In last week’s post, I wrote about how individuals can effectively use LinkedIn to network. Now let’s look at how nonprofits can use LinkedIn.
With over 75 million members in over 200 countries, LinkedIn is the leading platform in social media for professionals. Think of it as a database of people you can draw from to find:
Finding employees is probably the most obvious use for LinkedIn. You can also use it to find out more about current candidates. Lots has been written on this topic, so I won’t go into much detail here.
Need a keynote speaker for an upcoming fundraiser? A consultant? An expert on child welfare issues in the Washington, D.C. area? Try LinkedIn’s Advanced Search, which allows you to search by name, location, keyword, industry, and a host of other categories.
If you’ve identified a prospective major donor, but don’t have any connection with the person, take a quick look on LinkedIn, which will show you if one of your contacts (or one of your contact’s contacts) knows the person. If so, you might be able to turn a cold lead into a warm one.
Before you contact the prospect, consider checking her LinkedIn profile to learn a little bit about her career path and interests, which may give you a better sense for her ability to give and for her affinities and affiliations.
The American Red Cross created a group on LinkedIn, American Red Cross Volunteers, to help its volunteers and staff network and share ideas, best practices, and expertise. Not only does the group help the Red Cross publicize opportunities to help, it also provides a huge benefit for its volunteers—an instant network of nearly 1,000 people who are also interested in the Red Cross.
Current employees and alums
By connecting with people who work or have worked at your organization, you can learn more about your organization’s employees and alumni. The secretary down the hall? Maybe she’s a member of the Social Media for Nonprofit group on LinkedIn and can help you use Facebook and Twitter to share the video you spent the last month putting together.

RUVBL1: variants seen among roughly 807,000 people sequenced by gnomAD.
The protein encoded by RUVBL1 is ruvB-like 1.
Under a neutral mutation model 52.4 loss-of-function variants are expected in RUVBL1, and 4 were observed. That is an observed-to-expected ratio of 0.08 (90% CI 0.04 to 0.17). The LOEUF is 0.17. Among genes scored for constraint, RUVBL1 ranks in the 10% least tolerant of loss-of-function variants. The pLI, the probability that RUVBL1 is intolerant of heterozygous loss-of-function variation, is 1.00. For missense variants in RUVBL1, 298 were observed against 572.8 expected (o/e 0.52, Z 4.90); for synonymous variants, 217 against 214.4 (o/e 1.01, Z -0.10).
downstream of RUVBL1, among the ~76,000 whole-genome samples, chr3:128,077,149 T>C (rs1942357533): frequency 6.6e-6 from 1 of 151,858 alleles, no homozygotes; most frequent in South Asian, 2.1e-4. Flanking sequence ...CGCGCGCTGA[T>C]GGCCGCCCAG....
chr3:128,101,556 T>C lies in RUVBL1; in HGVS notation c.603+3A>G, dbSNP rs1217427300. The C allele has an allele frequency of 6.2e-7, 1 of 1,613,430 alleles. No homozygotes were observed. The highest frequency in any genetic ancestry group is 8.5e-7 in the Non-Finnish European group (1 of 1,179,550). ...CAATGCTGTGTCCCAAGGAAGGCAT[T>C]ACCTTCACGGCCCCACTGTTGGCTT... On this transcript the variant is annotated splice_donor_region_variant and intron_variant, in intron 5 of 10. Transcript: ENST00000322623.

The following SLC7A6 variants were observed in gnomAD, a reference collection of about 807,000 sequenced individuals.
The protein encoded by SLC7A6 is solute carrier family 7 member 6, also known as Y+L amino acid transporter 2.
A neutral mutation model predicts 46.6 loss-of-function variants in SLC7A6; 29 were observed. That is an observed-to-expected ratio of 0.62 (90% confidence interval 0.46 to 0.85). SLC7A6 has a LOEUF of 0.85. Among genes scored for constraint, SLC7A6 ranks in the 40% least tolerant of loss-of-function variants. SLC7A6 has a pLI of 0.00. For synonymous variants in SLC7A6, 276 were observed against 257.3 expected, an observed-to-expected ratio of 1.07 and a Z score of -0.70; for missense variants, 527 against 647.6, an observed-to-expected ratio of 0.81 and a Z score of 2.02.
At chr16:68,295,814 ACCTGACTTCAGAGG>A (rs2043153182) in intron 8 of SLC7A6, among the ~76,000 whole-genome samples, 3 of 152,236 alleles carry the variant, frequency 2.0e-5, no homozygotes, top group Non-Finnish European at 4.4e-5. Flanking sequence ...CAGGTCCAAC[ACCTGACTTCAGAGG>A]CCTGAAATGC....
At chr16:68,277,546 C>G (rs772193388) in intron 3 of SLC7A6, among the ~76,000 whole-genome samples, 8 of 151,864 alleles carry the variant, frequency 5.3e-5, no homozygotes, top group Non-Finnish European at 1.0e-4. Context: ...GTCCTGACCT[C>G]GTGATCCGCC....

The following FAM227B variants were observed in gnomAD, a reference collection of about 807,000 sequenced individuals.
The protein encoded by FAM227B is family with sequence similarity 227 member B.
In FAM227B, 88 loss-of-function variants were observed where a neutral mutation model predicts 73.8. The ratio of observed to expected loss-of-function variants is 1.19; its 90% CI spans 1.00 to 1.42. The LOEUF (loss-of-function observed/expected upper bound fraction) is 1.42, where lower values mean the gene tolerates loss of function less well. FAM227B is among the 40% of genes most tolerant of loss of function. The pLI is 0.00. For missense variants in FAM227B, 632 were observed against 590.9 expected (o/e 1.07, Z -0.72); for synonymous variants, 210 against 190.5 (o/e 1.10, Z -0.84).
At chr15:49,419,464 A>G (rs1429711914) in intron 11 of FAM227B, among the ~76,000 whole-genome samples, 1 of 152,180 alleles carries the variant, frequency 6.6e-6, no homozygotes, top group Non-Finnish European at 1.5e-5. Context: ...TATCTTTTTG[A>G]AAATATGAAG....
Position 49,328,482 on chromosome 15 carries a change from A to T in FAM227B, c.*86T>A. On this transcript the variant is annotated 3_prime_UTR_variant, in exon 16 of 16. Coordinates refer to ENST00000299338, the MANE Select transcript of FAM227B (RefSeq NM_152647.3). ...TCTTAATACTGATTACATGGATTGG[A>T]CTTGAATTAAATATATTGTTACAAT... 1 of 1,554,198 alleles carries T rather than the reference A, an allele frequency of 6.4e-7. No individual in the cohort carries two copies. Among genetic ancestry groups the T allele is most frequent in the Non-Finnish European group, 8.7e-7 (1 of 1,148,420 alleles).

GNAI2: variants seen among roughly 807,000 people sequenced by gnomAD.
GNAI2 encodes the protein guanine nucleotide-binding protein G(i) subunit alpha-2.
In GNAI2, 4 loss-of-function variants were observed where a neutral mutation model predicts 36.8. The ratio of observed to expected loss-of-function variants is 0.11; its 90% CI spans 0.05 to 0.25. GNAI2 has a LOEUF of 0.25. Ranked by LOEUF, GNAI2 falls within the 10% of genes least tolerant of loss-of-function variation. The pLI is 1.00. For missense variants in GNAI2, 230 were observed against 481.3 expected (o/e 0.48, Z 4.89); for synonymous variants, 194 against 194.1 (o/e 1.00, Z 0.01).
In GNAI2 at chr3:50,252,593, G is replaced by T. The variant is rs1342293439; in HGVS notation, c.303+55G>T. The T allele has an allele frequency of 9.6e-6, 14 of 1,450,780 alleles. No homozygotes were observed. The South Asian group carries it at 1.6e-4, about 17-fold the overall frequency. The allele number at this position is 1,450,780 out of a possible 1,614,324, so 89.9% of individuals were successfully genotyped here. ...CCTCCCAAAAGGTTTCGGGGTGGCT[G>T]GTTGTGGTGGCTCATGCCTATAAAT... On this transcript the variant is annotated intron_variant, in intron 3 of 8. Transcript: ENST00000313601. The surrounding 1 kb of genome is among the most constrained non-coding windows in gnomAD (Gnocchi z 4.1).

Want to partner with another nonprofit? Maybe a past employee of your organization works there now and can introduce you to the organization’s Partnerships Manager. You can use LinkedIn to search for current and/or past employees of your organization.
Ask questions, share answers
LinkedIn’s Answers feature is designed to let people ask and respond to questions on a specific topic. In the Answers page for Non-profit Fundraising, for example, you can find out about organizations raising money for flood victims in Pakistan, pose a question of your own, find an expert on a particular topic, or chime in on the discussion about grants for animal welfare organizations.
Stay up-to-date on industry trends
If you want to keep up on trends related to your profession, consider joining some relevant Groups on LinkedIn. One way to find the best groups is to look at what groups others in your profession have joined.
Tell people about your organization
You can use LinkedIn’s Company Profile to share information about your organization’s mission and programs. You can also create a Group, which will allow fans of your organization to interact.
Note on LinkedIn for Good: In 2007 LinkedIn launched LinkedIn for Good, which works a little bit like Facebook Causes in that it allows approved nonprofits to solicit donations over LinkedIn. LinkedIn has only opened this feature up to a handful of nonprofits, and as of 2009, Twitter and Facebook helped nonprofits raise more money than LinkedIn. If you're interested in using social media to raise money, I'd suggest researching tools other than LinkedIn for Good first.